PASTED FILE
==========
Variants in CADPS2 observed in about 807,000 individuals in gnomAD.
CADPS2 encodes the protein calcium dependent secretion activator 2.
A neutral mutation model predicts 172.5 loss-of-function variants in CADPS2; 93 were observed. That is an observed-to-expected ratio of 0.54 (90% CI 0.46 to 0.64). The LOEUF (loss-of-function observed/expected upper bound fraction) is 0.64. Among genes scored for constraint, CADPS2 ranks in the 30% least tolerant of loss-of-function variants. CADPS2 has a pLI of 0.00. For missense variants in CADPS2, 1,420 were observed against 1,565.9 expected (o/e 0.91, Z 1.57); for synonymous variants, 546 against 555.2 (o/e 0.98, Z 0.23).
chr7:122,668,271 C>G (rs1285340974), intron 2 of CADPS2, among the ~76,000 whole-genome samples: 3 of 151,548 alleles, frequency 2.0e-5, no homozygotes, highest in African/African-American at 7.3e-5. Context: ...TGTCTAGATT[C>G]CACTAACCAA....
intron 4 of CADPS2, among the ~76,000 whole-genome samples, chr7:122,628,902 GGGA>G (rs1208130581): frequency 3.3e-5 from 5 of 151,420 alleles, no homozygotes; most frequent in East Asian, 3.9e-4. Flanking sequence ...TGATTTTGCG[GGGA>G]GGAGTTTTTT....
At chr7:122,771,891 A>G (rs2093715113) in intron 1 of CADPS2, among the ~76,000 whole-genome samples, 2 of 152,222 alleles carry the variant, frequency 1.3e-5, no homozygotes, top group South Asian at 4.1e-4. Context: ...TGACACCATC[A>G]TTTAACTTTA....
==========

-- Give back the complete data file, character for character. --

Variants in CADPS2 observed in about 807,000 individuals in gnomAD.
CADPS2 encodes the protein calcium dependent secretion activator 2.
A neutral mutation model predicts 172.5 loss-of-function variants in CADPS2; 93 were observed. That is an observed-to-expected ratio of 0.54 (90% CI 0.46 to 0.64). The LOEUF (loss-of-function observed/expected upper bound fraction) is 0.64. Among genes scored for constraint, CADPS2 ranks in the 30% least tolerant of loss-of-function variants. CADPS2 has a pLI of 0.00. For missense variants in CADPS2, 1,420 were observed against 1,565.9 expected (o/e 0.91, Z 1.57); for synonymous variants, 546 against 555.2 (o/e 0.98, Z 0.23).
chr7:122,668,271 C>G (rs1285340974), intron 2 of CADPS2, among the ~76,000 whole-genome samples: 3 of 151,548 alleles, frequency 2.0e-5, no homozygotes, highest in African/African-American at 7.3e-5. Context: ...TGTCTAGATT[C>G]CACTAACCAA....
intron 4 of CADPS2, among the ~76,000 whole-genome samples, chr7:122,628,902 GGGA>G (rs1208130581): frequency 3.3e-5 from 5 of 151,420 alleles, no homozygotes; most frequent in East Asian, 3.9e-4. Flanking sequence ...TGATTTTGCG[GGGA>G]GGAGTTTTTT....
At chr7:122,771,891 A>G (rs2093715113) in intron 1 of CADPS2, among the ~76,000 whole-genome samples, 2 of 152,222 alleles carry the variant, frequency 1.3e-5, no homozygotes, top group South Asian at 4.1e-4. Context: ...TGACACCATC[A>G]TTTAACTTTA....